ZAKOUMA NATIONAL PARK, Chad -- Just before dawn, the rangers were hunched over in prayer, facing east. They pressed their foreheads into the dry earth and softly whispered Koranic verses, their lips barely moving. A cool wind bit at their faces.
All of a sudden, Djimet Seid, the cook, said he heard "one war whoop -- or maybe it was a scream."
And then: "K-k-k-k-k-k-k," the angry bark of a Kalashnikov assault rifle, opening up on fully automatic.
In an instant, an entire Chadian squad of rangers was cut down with alarming precision by elephant poachers who were skilled at killing more than just animals. Crouching in the bush, the poachers fired from a triangle of different spots, concealed and deadly accurate.
"If you go look at the infantry books, it's exactly how you do a first light attack, exactly," said Rian Labuschagne, a former paratrooper and now the manager of Zakouma National Park in southern Chad. "Our guys didn't have a chance."
Out here, among the spent bullet shells and the freshly dug graves, the cost of protecting wildlife is painfully clear. As ivory poaching becomes more militarized, with rebel groups and even government armies slaughtering thousands of elephants across Africa to cash in on record-high ivory prices, a horrible mismatch is shaping up. Wildlife rangers -- who tend to be older, maybe a bit slower and incredibly knowledgeable about their environment and the ways of animals, but less so about infantry tactics -- are wading into the bush to confront hardened soldiers.
The outcome, too often, is not only firefights and battles, but also coldblooded murder, with dozens of African wildlife rangers killed in recent years, many in revenge-driven ambushes. Ivory poachers, it seems, are becoming increasingly wily and ruthless.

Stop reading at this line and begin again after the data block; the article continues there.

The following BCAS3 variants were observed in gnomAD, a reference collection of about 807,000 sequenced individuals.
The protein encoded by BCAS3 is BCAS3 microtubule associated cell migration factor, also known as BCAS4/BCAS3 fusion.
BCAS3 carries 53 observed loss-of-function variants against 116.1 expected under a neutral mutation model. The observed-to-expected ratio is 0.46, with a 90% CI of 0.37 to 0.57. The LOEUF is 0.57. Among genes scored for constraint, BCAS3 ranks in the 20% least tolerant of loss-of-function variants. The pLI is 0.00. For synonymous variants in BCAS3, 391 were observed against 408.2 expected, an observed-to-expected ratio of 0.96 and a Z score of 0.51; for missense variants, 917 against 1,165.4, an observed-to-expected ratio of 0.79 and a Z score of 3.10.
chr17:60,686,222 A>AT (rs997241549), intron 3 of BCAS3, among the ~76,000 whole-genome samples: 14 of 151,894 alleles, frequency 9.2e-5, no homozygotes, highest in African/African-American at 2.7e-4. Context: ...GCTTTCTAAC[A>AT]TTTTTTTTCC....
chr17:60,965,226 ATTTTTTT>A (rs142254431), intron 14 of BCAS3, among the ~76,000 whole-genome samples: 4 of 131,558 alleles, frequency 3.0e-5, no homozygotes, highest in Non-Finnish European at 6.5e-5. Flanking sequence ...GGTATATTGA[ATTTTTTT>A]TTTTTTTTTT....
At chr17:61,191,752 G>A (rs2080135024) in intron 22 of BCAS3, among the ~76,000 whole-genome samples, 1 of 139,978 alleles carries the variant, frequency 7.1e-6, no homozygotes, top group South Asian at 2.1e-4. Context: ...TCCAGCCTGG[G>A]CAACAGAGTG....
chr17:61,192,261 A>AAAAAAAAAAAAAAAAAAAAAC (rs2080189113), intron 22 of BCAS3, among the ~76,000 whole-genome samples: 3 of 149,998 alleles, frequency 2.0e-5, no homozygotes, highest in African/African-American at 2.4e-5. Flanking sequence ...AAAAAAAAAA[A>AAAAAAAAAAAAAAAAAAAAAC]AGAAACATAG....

This summer, in the Democratic Republic of Congo, a militia of infamous elephant poachers, sneaked up to the headquarters of a wildlife reserve and killed 5 people and 14 okapi, a rare animal with a giraffelike neck and zebralike legs. One guard who narrowly escaped said the attackers sliced open the chest of a downed colleague and ate his heart. In Zimbabwe, poachers are spreading deadly poisons on elephant carcasses to kill vultures. By taking out the birds that serve as a natural early warning system that a kill has been made, the poachers make it even more dangerous for rangers because they have no idea when the poachers are around. In Mozambique, the authorities said that poachers have recently begun using land mines.
Kenya, which is considered tame compared with some of these other places, has lost six rangers this year, more than in recent memory. One of them was Florence Hadia Abae, pregnant and the mother of a small boy. In March, she was following the footprints of suspected poachers near Tsavo National Park, a fabled tourist destination, when a poacher popped out of the bush and shot her in the face.
One of her colleagues was killed in the same ambush, shot in the leg, then finished off with a short, brutish stroke of an ax.
"They had no idea what they were walking into," said Rob Dodson, a British conservationist working near Tsavo.
In the Zakouma attack, which happened about 50 miles outside the park boundaries in September, five rangers were killed on the spot; one remains missing and is presumed dead. Mr. Seid, the cook, was seriously wounded. The attack appeared to be revenge for a raid on a poachers' camp, and much of the evidence points to the Sudanese military. For years, wildlife groups have blamed the janjaweed -- Sudanese horseback raiders who traditionally work in tandem with the government military -- for wiping out many of Central Africa's elephant herds.